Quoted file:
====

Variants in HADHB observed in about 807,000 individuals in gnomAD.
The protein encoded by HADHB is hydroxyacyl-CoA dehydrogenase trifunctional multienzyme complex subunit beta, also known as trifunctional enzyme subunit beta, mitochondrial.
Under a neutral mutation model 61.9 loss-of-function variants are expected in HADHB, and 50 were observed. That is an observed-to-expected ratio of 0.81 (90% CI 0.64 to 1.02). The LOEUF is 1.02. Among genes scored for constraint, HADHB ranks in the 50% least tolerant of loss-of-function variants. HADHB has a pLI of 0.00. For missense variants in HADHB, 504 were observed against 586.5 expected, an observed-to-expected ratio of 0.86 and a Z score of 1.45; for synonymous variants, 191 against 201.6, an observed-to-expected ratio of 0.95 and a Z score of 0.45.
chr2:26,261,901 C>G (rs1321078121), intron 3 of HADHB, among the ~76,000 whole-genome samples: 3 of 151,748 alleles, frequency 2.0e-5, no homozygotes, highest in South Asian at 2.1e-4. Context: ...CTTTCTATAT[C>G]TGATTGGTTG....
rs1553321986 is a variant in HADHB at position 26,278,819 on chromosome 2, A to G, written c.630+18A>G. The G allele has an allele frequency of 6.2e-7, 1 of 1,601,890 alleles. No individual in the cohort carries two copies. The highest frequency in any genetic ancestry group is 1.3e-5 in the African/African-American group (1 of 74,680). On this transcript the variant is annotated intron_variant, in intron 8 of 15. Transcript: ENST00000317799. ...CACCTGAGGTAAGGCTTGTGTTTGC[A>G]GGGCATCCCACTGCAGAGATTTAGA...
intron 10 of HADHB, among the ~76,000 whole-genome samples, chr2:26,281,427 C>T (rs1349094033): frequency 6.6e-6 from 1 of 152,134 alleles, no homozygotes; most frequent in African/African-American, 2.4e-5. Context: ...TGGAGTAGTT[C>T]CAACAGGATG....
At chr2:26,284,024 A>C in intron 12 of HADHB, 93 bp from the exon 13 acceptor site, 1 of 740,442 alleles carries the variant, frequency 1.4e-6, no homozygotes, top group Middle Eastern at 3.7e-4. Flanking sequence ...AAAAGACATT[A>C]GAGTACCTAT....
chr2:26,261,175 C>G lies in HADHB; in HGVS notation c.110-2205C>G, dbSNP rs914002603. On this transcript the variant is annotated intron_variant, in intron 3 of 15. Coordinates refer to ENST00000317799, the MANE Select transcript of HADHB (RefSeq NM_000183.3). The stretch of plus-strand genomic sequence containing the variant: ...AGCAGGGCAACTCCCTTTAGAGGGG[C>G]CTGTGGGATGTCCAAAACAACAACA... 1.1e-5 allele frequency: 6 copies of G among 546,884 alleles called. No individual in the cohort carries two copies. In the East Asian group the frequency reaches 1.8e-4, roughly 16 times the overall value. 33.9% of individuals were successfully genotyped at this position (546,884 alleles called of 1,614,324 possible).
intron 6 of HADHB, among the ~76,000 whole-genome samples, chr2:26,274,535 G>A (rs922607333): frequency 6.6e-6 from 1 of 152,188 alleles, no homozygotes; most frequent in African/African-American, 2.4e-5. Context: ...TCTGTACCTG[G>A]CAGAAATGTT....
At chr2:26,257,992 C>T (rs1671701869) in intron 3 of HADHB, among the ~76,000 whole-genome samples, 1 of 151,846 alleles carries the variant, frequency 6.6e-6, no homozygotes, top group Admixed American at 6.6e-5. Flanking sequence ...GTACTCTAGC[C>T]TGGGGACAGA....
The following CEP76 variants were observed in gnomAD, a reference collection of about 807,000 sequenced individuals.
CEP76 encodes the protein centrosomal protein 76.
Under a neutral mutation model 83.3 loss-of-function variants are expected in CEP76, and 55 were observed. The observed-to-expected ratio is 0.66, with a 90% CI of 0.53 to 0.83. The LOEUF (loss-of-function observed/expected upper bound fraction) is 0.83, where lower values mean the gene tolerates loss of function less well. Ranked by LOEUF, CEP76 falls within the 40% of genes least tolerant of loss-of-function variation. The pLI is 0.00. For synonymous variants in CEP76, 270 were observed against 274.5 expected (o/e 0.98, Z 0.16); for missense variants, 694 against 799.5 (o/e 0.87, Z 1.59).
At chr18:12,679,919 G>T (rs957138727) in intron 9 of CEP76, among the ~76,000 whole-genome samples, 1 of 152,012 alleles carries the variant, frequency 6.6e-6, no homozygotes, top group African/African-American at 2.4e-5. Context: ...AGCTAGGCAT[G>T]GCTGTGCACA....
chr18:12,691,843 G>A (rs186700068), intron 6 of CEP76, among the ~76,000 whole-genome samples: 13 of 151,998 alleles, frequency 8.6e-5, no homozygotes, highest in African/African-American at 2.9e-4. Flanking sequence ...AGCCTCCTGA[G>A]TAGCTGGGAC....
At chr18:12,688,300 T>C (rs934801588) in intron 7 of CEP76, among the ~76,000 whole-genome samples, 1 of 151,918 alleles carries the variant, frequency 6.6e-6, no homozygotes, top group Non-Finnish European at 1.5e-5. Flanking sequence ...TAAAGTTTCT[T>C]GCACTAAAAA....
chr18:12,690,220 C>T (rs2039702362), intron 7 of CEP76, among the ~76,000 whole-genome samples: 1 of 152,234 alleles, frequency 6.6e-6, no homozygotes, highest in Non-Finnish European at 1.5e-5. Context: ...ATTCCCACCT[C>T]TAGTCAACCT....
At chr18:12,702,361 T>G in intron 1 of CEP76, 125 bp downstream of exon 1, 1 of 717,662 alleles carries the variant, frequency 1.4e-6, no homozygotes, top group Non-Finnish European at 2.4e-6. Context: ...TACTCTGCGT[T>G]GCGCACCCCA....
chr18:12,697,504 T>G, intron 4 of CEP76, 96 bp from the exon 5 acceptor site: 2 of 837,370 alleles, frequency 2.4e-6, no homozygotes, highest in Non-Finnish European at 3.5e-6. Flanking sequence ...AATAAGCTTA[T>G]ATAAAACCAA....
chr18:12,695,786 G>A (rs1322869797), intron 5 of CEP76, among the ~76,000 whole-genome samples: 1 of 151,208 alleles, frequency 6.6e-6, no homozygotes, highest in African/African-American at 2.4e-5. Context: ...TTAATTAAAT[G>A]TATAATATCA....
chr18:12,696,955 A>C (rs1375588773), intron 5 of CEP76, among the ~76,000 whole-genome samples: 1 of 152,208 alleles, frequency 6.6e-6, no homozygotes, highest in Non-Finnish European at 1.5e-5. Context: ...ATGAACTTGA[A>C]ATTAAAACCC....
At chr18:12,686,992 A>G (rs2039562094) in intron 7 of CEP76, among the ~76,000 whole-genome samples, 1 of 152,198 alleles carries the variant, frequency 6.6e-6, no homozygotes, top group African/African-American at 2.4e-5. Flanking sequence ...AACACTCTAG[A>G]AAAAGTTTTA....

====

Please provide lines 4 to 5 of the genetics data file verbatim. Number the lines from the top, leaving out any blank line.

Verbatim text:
chr2:26,261,901 C>G (rs1321078121), intron 3 of HADHB, among the ~76,000 whole-genome samples: 3 of 151,748 alleles, frequency 2.0e-5, no homozygotes, highest in South Asian at 2.1e-4. Context: ...CTTTCTATAT[C>G]TGATTGGTTG....
rs1553321986 is a variant in HADHB at position 26,278,819 on chromosome 2, A to G, written c.630+18A>G. The G allele has an allele frequency of 6.2e-7, 1 of 1,601,890 alleles. No individual in the cohort carries two copies. The highest frequency in any genetic ancestry group is 1.3e-5 in the African/African-American group (1 of 74,680). On this transcript the variant is annotated intron_variant, in intron 8 of 15. Transcript: ENST00000317799. ...CACCTGAGGTAAGGCTTGTGTTTGC[A>G]GGGCATCCCACTGCAGAGATTTAGA...